WASHINGTON Jan 2 The pending sale of failed
mortgage lender IndyMac IDMCQ.PK hit a snag as mortgage giant
Fannie Mae FNM.NFNM.P negotiates with federal regulators
over the value of about $1 billion in obligations it believes
IndyMac owes it, according to a source familiar with the
Fannie Mae believes IndyMac, which has been run by the
Federal Deposit Insurance Corp (FDIC) since it failed in July,
has obligations to repurchase around $1 billion of home
mortgages that failed to meet Fannie's standards, the financial
industry source said.
Fannie contends IndyMac violated legal representations and
warranties -- such as early payment defaults and loans made
under false conditions -- on mortgages it sold to Fannie Mae,
according to the source.
Brian Faith, a spokesman for Fannie Mae, said in a
statement that Fannie is working closely with the FDIC to
resolve the matter.
"We are awaiting information from the FDIC with regard to
servicing valuations and confirmation of the identity and
eligibility of the proposed buyers in order to finalize an
agreement," Faith said in a statement dated Wednesday. "Fannie
Mae will continue to work constructively with the FDIC and
IndyMac Federal Bank to reach a resolution in the near term
that is in the best interest of all parties involved."
A Fannie spokesman was not available for comment on Friday.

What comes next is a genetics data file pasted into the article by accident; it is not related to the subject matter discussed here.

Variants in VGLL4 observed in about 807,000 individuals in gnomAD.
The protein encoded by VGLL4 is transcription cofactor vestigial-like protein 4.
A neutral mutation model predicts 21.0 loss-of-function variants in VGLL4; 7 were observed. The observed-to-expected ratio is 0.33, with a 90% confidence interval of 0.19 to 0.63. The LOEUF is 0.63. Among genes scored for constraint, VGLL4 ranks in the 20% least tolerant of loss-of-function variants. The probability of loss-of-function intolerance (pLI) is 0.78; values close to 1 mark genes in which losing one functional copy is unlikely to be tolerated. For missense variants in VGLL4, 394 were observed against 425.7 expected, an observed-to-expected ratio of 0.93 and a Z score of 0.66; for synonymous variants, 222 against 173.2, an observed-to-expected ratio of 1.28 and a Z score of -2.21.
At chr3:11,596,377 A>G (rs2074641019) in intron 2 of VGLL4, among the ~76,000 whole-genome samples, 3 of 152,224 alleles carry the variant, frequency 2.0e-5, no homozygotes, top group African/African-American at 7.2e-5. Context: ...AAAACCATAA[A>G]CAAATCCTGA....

An FDIC spokesman declined comment.
Fannie Mae and Freddie Mac FRE.NFRE.P, the largest U.S.
home funding companies, were taken over by the government in
September, virtually wiping out their shareholders.
The FDIC has been seeking a buyer for IndyMac and is close
to a deal to sell the bank's assets to a consortium of private
equity and hedge fund firms, including J.C. Flowers & Co, Dune
Capital Management, and Paulson & Co, according to another
source familiar with the matter.
The consortium would buy the bank and its 33 branches,
IndyMac's reverse-mortgage unit and a $176 billion
loan-servicing portfolio, the source said.
The FDIC has estimated that IndyMac's failure cost about
$8.9 billion. Barclays Capital and Deutsche Bank have been
advising the FDIC on the sale.
The mortgage specialist's IndyMac Bank unit was taken over
by regulators after it failed on July 11, making it one of the
largest bank failures in U.S. history. At the time, it had $32
billion in assets and $19 billion in deposits.
IndyMac was the ninth-largest U.S. mortgage lender in 2007,
according to the newsletter Inside Mortgage Finance.
(Additional reporting by Paritosh Bansal in New York and
Rachelle Younglai; editing by Jeffrey Benkoe)